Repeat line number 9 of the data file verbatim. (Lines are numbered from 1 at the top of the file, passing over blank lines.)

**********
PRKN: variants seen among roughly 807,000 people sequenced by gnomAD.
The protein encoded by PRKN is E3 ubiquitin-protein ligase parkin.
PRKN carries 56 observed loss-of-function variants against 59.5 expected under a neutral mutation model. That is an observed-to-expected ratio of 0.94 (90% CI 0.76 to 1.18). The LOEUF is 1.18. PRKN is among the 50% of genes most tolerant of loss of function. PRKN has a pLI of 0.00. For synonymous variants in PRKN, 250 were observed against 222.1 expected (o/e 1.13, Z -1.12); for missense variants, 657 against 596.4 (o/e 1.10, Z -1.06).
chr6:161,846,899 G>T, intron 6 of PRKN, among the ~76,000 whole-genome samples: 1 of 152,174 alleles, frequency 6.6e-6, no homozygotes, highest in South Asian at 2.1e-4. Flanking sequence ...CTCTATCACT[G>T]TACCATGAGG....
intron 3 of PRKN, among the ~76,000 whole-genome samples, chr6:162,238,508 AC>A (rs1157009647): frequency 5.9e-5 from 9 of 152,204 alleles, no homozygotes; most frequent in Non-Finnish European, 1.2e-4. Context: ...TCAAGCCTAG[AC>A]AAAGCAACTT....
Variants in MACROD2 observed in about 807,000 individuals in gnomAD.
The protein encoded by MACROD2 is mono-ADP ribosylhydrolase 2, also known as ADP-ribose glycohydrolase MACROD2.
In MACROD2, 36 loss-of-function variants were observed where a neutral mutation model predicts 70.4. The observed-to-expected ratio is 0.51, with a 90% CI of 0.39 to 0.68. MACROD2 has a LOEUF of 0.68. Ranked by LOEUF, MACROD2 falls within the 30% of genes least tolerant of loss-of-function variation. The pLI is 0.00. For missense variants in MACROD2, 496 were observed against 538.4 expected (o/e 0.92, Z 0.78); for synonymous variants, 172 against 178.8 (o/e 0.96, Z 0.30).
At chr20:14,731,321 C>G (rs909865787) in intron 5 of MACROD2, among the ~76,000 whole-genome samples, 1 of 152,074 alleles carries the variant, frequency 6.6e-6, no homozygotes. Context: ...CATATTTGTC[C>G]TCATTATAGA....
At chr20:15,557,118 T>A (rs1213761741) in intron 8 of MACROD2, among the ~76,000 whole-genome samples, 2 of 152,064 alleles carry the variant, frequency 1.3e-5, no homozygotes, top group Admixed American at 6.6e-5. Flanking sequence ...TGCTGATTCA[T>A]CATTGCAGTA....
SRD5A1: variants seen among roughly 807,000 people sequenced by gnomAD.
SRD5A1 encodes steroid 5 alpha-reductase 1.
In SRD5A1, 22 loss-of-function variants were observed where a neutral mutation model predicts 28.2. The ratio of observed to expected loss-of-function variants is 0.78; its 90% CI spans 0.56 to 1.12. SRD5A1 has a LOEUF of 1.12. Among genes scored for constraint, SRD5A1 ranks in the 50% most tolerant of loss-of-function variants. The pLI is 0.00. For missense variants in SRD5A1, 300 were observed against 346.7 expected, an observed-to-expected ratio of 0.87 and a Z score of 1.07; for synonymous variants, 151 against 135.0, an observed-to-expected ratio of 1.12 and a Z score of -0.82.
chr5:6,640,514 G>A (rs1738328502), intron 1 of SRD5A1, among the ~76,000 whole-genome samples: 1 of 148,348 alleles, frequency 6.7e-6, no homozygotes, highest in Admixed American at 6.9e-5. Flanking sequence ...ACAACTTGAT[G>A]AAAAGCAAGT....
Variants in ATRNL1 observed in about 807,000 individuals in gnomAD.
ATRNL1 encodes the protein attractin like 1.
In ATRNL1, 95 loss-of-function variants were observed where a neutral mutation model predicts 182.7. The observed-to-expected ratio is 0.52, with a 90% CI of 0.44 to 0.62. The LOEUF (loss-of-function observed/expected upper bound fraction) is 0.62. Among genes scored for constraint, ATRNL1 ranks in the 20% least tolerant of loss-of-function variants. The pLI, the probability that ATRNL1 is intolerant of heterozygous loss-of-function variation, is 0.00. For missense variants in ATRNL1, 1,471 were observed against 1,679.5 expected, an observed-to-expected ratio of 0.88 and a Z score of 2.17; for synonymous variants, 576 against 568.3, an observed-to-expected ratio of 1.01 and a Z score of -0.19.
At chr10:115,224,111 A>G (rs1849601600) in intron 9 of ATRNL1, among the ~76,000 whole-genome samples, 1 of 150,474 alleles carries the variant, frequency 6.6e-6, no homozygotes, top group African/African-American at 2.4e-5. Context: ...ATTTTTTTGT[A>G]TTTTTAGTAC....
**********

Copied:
At chr20:14,731,321 C>G (rs909865787) in intron 5 of MACROD2, among the ~76,000 whole-genome samples, 1 of 152,074 alleles carries the variant, frequency 6.6e-6, no homozygotes. Context: ...CATATTTGTC[C>G]TCATTATAGA....